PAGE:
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As a kid in Cleveland, there was this amazing moment of pride when they would announce the Indians player on the team, even if that player happened to be Dave LaRoche (1976), Dennis Eckersley (1977), Jim Kern (1976 and 1978), Sid Monge (1979) and, Lord help me, Jorge Orta (1980).
Baseball’s All-Star Game is the one that has tried the hardest to stay relevant -- in large part, I suspect, because it plays such a big role in baseball’s history. There is nothing in any other All-Star Game to compare with Carl Hubbell’s successive strikeouts, Pete Rose running over Ray Fosse, Ted Williams hitting the eephus pitch out, Dave Parker’s throw, Fred Lynn’s grand slam or Bo Jackson’s massive center field homer. I just came up with six All-Star moments off the top of my head -- it would be difficult to come up with one in any other sport.*
Other moments I remember are Reggie Jackson's light tower home run,
the reaction of the stars when Ted Williams was driven out to throw out the first pitch
1975: Bill Madlock
1976: Steve Swisher
Oh, and the alternating WS HFA was the best and fairest way to do it.
But given a choice between "This time it Counts" and "Is the year Divisible by 2?", I'll take Bud's Brainchild.
1) There's no justification for the "stronger" team getting HFA to begin with that doesn't run counter to the notion that a playoff tournament is needed to decide a champion.
2) Even if you don't accept 1, there's no good way to determine the stronger team when teams play different schedules, especially vastly different schedules. Throw in things like injury problems during the season (but with the players healthy now) or vice versa and the identification of the stronger team becomes more problematic. Giving HFA is necessary (assuming we don't want tied series or crappy tie-breakers) but introduces unfairness -- but you can't reliably reward the team you want to reward.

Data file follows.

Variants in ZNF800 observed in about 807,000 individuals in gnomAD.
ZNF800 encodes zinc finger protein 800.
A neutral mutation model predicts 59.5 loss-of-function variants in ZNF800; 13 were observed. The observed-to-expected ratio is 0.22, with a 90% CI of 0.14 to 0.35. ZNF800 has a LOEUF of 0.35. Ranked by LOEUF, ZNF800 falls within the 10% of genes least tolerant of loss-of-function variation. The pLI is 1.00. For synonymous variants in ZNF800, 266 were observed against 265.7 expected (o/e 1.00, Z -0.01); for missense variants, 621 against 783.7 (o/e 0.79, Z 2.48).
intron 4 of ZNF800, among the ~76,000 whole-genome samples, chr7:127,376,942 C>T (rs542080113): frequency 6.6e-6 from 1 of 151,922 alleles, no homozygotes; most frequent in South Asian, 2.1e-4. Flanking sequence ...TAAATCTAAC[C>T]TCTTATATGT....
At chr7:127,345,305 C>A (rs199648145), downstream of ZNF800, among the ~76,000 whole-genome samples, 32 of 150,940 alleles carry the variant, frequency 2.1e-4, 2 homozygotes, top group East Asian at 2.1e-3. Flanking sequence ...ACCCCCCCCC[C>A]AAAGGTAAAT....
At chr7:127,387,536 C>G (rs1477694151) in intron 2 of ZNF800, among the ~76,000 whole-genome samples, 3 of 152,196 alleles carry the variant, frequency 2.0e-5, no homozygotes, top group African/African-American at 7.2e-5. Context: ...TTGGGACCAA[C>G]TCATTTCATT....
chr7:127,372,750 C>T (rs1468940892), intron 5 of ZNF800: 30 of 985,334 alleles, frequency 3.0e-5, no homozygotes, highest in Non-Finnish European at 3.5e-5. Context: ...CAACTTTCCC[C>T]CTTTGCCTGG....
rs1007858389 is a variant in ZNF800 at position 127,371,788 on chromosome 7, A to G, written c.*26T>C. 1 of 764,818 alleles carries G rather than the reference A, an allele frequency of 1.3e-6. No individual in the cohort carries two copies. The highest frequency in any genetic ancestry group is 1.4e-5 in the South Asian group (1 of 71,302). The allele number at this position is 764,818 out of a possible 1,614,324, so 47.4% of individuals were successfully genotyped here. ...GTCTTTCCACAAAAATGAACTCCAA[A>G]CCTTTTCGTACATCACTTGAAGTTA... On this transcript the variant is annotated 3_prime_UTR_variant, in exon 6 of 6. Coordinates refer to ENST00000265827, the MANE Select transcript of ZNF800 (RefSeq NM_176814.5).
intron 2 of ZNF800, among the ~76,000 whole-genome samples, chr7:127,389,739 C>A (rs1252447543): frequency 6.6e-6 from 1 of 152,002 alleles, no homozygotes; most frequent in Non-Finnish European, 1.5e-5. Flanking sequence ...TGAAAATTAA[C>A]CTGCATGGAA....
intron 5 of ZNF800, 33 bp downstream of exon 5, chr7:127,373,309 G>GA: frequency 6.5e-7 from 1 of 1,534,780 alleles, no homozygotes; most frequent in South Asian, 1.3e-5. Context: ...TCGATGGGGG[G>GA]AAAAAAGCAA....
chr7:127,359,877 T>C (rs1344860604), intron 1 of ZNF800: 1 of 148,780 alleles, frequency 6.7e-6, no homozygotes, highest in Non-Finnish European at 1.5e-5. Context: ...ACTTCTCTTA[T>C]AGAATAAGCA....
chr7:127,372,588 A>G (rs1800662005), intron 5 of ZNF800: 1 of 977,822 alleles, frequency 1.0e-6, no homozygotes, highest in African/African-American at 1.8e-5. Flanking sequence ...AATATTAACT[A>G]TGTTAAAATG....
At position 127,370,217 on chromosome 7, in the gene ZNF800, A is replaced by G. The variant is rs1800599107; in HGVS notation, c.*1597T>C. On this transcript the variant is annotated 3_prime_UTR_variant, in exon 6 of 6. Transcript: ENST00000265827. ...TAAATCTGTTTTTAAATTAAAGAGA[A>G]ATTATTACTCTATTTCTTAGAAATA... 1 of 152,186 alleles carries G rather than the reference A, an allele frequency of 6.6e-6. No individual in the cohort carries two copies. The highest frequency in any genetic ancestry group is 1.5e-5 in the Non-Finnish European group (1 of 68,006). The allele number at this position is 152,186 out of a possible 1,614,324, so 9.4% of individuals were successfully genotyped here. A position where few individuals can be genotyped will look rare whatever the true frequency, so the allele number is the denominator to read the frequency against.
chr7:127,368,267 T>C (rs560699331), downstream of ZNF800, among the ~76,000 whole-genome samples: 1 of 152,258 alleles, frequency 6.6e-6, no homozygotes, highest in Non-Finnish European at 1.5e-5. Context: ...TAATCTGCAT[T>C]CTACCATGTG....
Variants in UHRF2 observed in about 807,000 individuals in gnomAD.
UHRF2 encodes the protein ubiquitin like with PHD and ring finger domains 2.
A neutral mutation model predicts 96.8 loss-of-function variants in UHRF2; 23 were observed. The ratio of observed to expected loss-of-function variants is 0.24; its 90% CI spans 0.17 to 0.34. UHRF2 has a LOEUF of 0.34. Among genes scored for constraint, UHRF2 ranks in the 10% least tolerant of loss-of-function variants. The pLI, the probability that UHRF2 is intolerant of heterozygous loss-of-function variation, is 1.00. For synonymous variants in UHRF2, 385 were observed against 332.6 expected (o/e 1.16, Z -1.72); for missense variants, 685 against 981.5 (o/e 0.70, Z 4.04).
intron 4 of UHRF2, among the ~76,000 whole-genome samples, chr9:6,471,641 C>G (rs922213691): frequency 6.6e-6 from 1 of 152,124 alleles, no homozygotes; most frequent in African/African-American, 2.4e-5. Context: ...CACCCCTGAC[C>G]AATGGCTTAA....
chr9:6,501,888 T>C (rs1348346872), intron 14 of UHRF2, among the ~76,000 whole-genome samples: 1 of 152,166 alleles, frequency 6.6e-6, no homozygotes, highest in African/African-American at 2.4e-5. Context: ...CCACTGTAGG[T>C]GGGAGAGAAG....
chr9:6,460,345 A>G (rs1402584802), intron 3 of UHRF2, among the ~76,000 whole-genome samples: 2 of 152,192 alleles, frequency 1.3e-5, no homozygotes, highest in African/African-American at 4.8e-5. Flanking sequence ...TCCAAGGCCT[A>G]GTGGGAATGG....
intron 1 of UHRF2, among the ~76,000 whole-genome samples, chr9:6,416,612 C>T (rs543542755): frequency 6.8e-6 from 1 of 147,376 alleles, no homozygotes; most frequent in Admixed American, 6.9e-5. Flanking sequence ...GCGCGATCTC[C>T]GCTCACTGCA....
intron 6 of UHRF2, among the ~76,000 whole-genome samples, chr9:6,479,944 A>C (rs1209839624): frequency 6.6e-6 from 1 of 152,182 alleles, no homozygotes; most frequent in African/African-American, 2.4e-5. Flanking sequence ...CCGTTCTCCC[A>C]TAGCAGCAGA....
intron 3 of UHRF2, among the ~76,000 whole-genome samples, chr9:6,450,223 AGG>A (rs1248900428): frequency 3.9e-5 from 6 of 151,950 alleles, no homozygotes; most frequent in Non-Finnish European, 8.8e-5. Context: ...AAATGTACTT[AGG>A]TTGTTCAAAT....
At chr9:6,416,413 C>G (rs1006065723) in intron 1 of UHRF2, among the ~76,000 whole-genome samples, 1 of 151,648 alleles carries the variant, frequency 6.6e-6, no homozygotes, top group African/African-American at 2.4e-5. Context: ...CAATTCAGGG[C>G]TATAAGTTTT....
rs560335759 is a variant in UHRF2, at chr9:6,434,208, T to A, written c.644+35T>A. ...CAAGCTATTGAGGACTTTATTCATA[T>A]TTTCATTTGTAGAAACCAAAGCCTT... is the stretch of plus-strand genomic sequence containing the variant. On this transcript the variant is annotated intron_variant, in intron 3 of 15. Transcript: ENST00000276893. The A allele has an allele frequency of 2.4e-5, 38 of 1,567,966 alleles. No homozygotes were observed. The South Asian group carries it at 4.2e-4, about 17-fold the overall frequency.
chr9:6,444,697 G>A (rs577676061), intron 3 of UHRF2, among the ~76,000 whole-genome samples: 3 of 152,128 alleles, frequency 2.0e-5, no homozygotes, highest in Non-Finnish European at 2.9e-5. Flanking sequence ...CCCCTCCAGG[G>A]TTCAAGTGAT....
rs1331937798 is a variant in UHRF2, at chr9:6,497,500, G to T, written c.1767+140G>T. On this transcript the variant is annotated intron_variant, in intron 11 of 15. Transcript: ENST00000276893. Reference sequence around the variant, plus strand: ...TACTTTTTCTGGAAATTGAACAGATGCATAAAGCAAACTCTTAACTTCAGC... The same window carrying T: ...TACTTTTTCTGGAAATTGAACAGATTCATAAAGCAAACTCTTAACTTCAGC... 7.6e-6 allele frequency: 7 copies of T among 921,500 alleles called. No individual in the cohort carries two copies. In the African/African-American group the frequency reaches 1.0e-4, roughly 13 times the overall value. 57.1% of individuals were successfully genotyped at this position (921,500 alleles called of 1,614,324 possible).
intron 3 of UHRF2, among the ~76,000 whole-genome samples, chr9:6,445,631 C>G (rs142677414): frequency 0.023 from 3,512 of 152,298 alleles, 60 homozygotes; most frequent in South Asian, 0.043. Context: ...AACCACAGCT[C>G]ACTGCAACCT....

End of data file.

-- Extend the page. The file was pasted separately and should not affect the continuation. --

3) Winner of the ASG must be the dumbest possible way you could try to determine the stronger team.
4) Therefore you don't pretend you can determine who the stronger team is. An arbitrary method is fair and loses you nothing in terms of meaningfulness. Whether you want to do this by alternating or flipping coins doesn't matter.
This is a personal opinion: I would kind of like to see baseball go the other way. Instead of trying to add meaning to the game, it seems to me, it should celebrate the fact that the game doesn’t mean anything. If it does that, it can take some chances. I think the All-Star Game is the perfect time to try all sorts of things that fans might like to see, just once. It should try full-fledged replay. It should try robotic umpiring -- with the umpires wearing special headphones that beep when a pitch is called a strike by the computer. It should play with a juiced ball one year, a dead ball another. It should choose a pile of All-Stars and have the two managers draft them. It should have players wear the old wool uniforms, it should have them use the old gloves, it should make it more interactive -- there are a million things it could do to make the game fun and tie it to history without changing the rules. I think it should try all of them.
1998: Rolando Arrojo, TB
HFA is just another gimmick to try to make "meaningless" games "meaningful."
And what's remarkable is that there weren't really any decent options, other than maybe McCutchen. Unless I'm missing someone, most of the guys who finished with decent years (a list of maybe three or four hitters) played better in the second half other than Ryan Doumit, who wasn't all that good really. Meek may have been the most deserving Pirate, not merely a beneficiary of the roster games. The Pirates have come along way in two years from that horrible team.
So many memorable moments...
Randy Johnson vs John Kruk.
Arrojo wasn't a bad pick at all though. He had a 3.06 ERA at the break in 1998, would have been good for a 155ish ERA+ at the time.
2003 Mike Williams (P)
The notion of playoffs (or any tournament) is entirely based on the idea that all playoff teams are "equal."
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